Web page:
Ethylene induced plant stress tolerance by Enterobacter sp. SA187 is mediated by 2-keto-4-methylthiobutyric acid production
AuthorsZélicourt, Axel de
Alzubaidy, Hanin S.
Jalal, Rewaa Sauod Mohammed
Van Der Straeten, Dominique
KAUST DepartmentBiological and Environmental Sciences and Engineering (BESE) Division
Desert Agriculture Initiative
KAUST Grant NumberBAS/1/1062-01-01
Permanent link to this recordhttp://hdl.handle.net/10754/627387
MetadataShow full item record
AbstractSeveral plant species require microbial associations for survival under different biotic and abiotic stresses. In this study, we show that Enterobacter sp. SA187, a desert plant endophytic bacterium, enhances yield of the crop plant alfalfa under field conditions as well as growth of the model plant Arabidopsis thaliana in vitro, revealing a high potential of SA187 as a biological solution for improving crop production. Studying the SA187 interaction with Arabidopsis, we uncovered a number of mechanisms related to the beneficial association of SA187 with plants. SA187 colonizes both the surface and inner tissues of Arabidopsis roots and shoots. SA187 induces salt stress tolerance by production of bacterial 2-keto-4-methylthiobutyric acid (KMBA), known to be converted into ethylene. By transcriptomic, genetic and pharmacological analyses, we show that the ethylene signaling pathway, but not plant ethylene production, is required for KMBA-induced plant salt stress tolerance. These results reveal a novel molecular communication process during the beneficial microbe-induced plant stress tolerance.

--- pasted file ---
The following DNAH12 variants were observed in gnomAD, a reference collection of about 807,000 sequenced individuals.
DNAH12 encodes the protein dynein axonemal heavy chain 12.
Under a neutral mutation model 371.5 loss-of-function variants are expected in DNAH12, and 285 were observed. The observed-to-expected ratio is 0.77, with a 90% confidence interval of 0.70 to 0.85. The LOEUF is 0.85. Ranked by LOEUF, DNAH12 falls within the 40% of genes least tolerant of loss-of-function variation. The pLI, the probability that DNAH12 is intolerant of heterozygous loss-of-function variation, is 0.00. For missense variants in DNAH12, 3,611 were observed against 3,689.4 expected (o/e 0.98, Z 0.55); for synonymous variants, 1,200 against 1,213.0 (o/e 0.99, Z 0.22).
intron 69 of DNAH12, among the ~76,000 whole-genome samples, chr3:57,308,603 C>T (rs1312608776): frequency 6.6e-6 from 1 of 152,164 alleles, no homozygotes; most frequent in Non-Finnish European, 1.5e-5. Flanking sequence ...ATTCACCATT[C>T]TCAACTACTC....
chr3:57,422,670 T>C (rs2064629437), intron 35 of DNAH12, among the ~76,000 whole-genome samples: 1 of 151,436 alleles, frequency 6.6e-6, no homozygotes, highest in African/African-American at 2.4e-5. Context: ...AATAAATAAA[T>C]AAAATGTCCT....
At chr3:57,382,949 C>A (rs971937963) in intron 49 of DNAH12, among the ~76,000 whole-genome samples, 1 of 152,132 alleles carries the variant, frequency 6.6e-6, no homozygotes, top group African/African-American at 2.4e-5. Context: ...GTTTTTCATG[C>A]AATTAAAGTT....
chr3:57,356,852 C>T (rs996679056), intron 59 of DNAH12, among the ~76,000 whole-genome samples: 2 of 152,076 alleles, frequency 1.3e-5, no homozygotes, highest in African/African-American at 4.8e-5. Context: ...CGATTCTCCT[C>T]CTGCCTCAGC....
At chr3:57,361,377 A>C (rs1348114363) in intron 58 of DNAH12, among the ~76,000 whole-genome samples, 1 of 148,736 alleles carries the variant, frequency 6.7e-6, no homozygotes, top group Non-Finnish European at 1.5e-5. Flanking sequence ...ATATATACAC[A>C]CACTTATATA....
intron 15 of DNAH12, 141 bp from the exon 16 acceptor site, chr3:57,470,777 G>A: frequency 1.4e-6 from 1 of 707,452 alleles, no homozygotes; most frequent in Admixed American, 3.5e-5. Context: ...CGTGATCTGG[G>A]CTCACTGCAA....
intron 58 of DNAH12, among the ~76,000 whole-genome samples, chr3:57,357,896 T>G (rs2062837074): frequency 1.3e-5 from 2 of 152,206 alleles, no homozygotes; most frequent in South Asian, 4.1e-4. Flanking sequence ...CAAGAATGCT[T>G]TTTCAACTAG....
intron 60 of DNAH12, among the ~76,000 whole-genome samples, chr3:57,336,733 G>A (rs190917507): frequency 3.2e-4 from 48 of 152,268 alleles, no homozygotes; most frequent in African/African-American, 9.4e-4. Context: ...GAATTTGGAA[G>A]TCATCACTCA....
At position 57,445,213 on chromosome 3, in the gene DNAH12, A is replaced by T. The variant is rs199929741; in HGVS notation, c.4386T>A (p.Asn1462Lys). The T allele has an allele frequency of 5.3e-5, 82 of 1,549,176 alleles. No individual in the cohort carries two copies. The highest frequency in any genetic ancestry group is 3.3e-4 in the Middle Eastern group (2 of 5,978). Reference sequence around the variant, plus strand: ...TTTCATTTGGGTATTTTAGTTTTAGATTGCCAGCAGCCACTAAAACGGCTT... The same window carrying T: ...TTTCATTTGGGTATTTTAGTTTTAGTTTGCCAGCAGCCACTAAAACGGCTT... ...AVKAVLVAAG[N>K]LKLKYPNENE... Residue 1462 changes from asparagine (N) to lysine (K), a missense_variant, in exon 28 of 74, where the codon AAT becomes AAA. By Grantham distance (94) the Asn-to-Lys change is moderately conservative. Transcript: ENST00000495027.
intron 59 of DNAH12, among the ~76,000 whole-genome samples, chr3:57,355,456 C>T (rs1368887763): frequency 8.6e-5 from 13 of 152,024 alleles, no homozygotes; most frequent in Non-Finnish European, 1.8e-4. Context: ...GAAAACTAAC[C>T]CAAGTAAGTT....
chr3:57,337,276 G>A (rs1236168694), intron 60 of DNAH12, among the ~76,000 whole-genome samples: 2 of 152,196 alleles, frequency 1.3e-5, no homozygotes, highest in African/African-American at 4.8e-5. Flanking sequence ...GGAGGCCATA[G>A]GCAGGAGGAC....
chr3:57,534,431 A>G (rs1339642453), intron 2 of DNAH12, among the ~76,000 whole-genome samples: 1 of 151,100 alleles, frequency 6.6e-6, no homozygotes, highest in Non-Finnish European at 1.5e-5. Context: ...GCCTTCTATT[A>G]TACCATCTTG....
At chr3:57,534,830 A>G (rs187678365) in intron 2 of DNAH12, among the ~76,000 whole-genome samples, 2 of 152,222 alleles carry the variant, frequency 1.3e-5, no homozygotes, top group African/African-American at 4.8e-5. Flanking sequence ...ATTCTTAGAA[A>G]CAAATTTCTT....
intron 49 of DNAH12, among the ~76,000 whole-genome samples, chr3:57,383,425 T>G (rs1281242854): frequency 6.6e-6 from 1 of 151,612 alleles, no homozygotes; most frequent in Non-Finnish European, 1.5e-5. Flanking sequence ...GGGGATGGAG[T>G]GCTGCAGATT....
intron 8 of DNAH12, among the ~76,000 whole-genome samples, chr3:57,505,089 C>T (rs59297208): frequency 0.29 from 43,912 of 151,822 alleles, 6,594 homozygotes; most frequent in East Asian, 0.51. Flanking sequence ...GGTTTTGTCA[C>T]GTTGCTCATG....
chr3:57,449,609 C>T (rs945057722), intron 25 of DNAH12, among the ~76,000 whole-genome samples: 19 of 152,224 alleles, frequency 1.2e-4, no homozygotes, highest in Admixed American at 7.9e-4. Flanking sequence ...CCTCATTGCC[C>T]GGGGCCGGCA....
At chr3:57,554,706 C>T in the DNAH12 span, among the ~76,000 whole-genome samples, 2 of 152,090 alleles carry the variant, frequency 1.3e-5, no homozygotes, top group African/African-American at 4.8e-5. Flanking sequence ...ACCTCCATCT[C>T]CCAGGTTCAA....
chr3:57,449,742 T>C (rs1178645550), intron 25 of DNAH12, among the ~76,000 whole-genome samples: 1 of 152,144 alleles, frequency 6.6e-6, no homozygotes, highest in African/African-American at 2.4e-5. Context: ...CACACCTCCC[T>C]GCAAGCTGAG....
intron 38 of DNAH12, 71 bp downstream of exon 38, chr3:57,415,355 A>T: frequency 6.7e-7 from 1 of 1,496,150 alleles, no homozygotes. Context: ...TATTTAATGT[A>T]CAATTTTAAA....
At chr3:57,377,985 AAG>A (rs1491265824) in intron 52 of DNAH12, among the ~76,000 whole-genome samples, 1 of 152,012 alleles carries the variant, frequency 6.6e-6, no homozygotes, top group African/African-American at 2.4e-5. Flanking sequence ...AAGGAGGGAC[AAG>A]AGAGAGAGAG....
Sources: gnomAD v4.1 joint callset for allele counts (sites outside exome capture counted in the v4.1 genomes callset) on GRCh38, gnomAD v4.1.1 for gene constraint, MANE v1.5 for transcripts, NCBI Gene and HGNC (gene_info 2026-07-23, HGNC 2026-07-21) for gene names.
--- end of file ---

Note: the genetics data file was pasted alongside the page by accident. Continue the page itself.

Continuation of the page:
CitationDe Zélicourt A, Synek L, Saad MM, Alzubaidy H, Jalal R, et al. (2018) Ethylene induced plant stress tolerance by Enterobacter sp. SA187 is mediated by 2-keto-4-methylthiobutyric acid production. PLOS Genetics 14: e1007273. Available: http://dx.doi.org/10.1371/journal.pgen.1007273.
SponsorsThis publication is based upon work supported by the King Abdullah University of Science and Technology (KAUST), base fund for HH no. BAS/1/1062-01-01. For ER, this publication has been written with the support of the Agreenskills fellowship programme which has received funding from the EU’s Seventh Framework Programme under grant agreement N° FP7-609398 (Agreenskills+ contract). The funders had no role in study design, data collection and analysis, decision to publish, or preparation of the manuscript.
PublisherPublic Library of Science (PLoS)
Except where otherwise noted, this item's license is described as This is an open access article distributed under the terms of the Creative Commons Attribution License, which permits unrestricted use, distribution, and reproduction in any medium, provided the original author and source are credited.
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